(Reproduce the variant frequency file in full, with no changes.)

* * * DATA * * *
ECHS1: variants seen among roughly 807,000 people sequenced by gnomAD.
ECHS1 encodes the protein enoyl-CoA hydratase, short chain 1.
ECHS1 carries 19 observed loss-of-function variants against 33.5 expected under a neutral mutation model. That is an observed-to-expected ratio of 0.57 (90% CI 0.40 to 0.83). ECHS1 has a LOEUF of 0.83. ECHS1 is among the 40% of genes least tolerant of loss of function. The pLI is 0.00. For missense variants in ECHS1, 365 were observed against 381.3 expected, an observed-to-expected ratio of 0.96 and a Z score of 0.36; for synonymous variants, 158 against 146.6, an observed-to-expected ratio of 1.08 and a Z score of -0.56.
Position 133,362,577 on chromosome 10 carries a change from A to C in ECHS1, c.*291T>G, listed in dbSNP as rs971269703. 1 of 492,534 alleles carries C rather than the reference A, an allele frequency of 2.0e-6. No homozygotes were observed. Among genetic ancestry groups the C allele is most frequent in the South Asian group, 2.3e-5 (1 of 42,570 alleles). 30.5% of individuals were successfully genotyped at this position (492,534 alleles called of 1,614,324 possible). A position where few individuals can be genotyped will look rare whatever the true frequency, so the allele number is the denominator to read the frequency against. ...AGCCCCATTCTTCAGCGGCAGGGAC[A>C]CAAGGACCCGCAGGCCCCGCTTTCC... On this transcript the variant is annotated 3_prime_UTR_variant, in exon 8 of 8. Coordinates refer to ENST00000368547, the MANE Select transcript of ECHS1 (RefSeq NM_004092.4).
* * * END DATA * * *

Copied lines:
ECHS1: variants seen among roughly 807,000 people sequenced by gnomAD.
ECHS1 encodes the protein enoyl-CoA hydratase, short chain 1.
ECHS1 carries 19 observed loss-of-function variants against 33.5 expected under a neutral mutation model. That is an observed-to-expected ratio of 0.57 (90% CI 0.40 to 0.83). ECHS1 has a LOEUF of 0.83. ECHS1 is among the 40% of genes least tolerant of loss of function. The pLI is 0.00. For missense variants in ECHS1, 365 were observed against 381.3 expected, an observed-to-expected ratio of 0.96 and a Z score of 0.36; for synonymous variants, 158 against 146.6, an observed-to-expected ratio of 1.08 and a Z score of -0.56.
Position 133,362,577 on chromosome 10 carries a change from A to C in ECHS1, c.*291T>G, listed in dbSNP as rs971269703. 1 of 492,534 alleles carries C rather than the reference A, an allele frequency of 2.0e-6. No homozygotes were observed. Among genetic ancestry groups the C allele is most frequent in the South Asian group, 2.3e-5 (1 of 42,570 alleles). 30.5% of individuals were successfully genotyped at this position (492,534 alleles called of 1,614,324 possible). A position where few individuals can be genotyped will look rare whatever the true frequency, so the allele number is the denominator to read the frequency against. ...AGCCCCATTCTTCAGCGGCAGGGAC[A>C]CAAGGACCCGCAGGCCCCGCTTTCC... On this transcript the variant is annotated 3_prime_UTR_variant, in exon 8 of 8. Coordinates refer to ENST00000368547, the MANE Select transcript of ECHS1 (RefSeq NM_004092.4).